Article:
Coloring Hyperlinks with CSS

Why color your hyperlinks? Adding color is one of the easiest ways to draw readers through your pages. Like adding pictures, adding color is a simple way to enhance the usability of your website. Three things you can accomplish with color:

  1. Improves reader scanning
  2. Indicates links
  3. Break up long texts

Design is not my strong suit. I can do most of what I need effectively. Otherwise, when it’s beyond my abilities, I refer to my brilliant graphic design friend, Nida. She’s the person I refer people to when they’re looking for custom graphic design work. Be sure to take a look at her portfolio. Anyway, Nida pointed up a great tool from Adobe.

Color Ideas

Kuler, from Adobe, is a great color scheme tool. On the site, you’ll find colors grouped together. You can use one of their many pre-defined color schemes, or you can make your own. Kuler has a great resource that lets you create custom color schemes and see what they will look like before you start working on your CSS.

You can pick your colors using the W3 Schools Color Picker. W3Schools also links other pages related to color, including a color mixer page. But this isn’t nearly as versatile as the Kuler tool.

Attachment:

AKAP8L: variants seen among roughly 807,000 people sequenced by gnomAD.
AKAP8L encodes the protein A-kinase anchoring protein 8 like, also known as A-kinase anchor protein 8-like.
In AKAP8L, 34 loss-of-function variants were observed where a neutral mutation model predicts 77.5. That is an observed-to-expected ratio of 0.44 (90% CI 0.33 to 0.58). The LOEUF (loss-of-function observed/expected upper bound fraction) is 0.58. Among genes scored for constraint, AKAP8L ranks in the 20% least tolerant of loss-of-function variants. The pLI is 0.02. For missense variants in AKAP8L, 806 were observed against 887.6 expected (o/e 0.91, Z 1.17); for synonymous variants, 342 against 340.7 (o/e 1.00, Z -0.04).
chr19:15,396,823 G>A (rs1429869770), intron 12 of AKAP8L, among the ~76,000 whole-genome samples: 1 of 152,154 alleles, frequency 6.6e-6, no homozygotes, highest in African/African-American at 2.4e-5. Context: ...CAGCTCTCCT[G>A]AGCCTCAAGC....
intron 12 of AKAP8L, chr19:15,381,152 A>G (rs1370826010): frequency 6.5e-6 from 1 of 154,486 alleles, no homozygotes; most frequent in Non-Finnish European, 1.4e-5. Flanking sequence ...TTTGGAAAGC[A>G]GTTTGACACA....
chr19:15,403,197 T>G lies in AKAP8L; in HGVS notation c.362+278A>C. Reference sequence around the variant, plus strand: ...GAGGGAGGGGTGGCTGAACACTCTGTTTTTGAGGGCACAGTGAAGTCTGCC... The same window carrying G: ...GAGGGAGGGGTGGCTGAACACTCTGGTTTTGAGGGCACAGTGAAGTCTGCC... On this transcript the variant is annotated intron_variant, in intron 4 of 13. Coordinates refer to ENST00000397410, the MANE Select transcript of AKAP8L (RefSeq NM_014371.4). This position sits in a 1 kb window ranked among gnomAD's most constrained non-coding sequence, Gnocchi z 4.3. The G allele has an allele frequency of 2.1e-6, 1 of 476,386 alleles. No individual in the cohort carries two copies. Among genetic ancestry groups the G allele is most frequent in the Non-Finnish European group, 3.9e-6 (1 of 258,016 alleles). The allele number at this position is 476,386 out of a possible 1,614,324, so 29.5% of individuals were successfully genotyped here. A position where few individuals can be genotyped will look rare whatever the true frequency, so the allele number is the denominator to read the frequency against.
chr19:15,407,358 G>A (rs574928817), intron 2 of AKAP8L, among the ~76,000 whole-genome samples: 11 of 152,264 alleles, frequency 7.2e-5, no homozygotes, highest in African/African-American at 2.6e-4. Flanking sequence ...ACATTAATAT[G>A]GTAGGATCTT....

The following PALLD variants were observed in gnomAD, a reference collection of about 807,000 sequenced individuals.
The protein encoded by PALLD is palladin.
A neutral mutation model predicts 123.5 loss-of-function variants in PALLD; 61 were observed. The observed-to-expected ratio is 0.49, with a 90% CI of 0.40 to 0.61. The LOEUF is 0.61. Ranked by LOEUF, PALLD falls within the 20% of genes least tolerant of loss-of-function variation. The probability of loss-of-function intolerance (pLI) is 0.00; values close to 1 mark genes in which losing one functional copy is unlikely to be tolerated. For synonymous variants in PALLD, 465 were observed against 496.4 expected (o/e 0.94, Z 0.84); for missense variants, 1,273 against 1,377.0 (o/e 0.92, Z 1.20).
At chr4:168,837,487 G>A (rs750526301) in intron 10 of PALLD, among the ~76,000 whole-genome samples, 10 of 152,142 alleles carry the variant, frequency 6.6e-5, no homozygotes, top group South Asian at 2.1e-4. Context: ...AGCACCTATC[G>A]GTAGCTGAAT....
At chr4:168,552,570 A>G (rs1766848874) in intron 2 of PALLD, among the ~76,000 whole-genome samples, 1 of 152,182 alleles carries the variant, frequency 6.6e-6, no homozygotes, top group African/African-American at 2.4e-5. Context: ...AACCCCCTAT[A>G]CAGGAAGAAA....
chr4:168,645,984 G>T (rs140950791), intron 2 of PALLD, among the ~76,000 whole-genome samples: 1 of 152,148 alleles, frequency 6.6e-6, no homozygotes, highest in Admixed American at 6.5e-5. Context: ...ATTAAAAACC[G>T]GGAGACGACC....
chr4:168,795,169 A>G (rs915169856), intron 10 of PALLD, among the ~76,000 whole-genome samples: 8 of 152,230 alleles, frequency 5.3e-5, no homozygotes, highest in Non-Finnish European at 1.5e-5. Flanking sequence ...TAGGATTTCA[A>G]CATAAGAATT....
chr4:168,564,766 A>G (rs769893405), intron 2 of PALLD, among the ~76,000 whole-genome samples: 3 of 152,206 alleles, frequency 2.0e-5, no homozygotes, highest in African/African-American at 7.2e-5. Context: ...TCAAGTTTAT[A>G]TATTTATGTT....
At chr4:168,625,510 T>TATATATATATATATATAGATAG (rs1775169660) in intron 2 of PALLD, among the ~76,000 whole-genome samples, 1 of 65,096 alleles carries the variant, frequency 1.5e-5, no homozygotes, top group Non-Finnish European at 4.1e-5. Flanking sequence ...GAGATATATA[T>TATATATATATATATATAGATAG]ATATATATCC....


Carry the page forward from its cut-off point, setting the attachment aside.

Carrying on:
You don’t need a lot of colors unless that’s really what you want to do. But remember to address your links (pardon the pun), when you’re planning your colors. You could leave your hyperlinks to whatever is the default color, but a better idea is to coordinate them with the scheme of your website.

One Thing about Formatting

If you’re not using CSS, get started. Small websites (say, one page–or three) can have the CSS code on the HTML page. The best practice for using CSS is to create a separate CSS file and link to it in your HTML head section. Place the following line of code (I place mine after the meta information):

<link rel=”stylesheet” type=”text/css” href=”blank-css-template.css” />

Replace ‘blank-css-template‘ with the name of your CSS file; one line for each CSS file you use.

Pseudo Codes for Hyperlinks

You use pseudo classes to manipulate the hyperlink colors in each of the states.

  • a:link – inactive hyperlinks
  • a:visited – previously clicked hyperlinks
  • a:hover – state when mouse is over the hyperlink text

It’s necessary that you include the link states in the order listed above for it to work properly. Also, you can add another state, called the active state, written a:active. It can be written before or after the a:hover state.

Format Your Hyperlinks

In your CSS document, the above pseudo codes are written without any introductory symbol. So, no pound sign (#) or period (.). A syntactically correct sample of the code you would include is:

a:link {font-family:Verdana, Arial, sans serif; color:#000033; text-decoration:none;}
a:visited {color: #003300; text-decoration:none;}
a:hover {color: #527A00; text-decoration:underline;}

Plug the code into your editor to see how it works. I prefer bold links, so one piece of code I’ll add is “font-weight:bold;” to each line. What are some of your ideas on color in your web pages? How do you manage adding color to your website?

Resources

  1. Kuler, for color scheme ideas, from Adobe
  2. W3 Schools Color Picker
  3. How to Create Rollover Text
  4. Graphics Ninja, for custom graphic designs

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